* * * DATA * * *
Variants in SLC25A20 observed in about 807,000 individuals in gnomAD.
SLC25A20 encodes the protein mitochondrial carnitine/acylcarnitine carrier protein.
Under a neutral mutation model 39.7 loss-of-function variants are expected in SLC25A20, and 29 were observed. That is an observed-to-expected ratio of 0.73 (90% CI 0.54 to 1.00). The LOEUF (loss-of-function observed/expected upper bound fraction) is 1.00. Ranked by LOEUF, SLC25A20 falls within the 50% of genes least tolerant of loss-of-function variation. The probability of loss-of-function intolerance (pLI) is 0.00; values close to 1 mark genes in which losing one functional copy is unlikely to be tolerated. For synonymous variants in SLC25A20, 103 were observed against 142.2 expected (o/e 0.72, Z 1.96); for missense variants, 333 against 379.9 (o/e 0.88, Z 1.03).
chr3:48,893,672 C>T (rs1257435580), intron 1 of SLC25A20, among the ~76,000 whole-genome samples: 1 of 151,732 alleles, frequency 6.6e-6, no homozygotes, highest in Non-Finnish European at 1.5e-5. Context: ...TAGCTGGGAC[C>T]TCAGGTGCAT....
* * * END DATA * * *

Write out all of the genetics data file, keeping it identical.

Variants in SLC25A20 observed in about 807,000 individuals in gnomAD.
SLC25A20 encodes the protein mitochondrial carnitine/acylcarnitine carrier protein.
Under a neutral mutation model 39.7 loss-of-function variants are expected in SLC25A20, and 29 were observed. That is an observed-to-expected ratio of 0.73 (90% CI 0.54 to 1.00). The LOEUF (loss-of-function observed/expected upper bound fraction) is 1.00. Ranked by LOEUF, SLC25A20 falls within the 50% of genes least tolerant of loss-of-function variation. The probability of loss-of-function intolerance (pLI) is 0.00; values close to 1 mark genes in which losing one functional copy is unlikely to be tolerated. For synonymous variants in SLC25A20, 103 were observed against 142.2 expected (o/e 0.72, Z 1.96); for missense variants, 333 against 379.9 (o/e 0.88, Z 1.03).
chr3:48,893,672 C>T (rs1257435580), intron 1 of SLC25A20, among the ~76,000 whole-genome samples: 1 of 151,732 alleles, frequency 6.6e-6, no homozygotes, highest in Non-Finnish European at 1.5e-5. Context: ...TAGCTGGGAC[C>T]TCAGGTGCAT....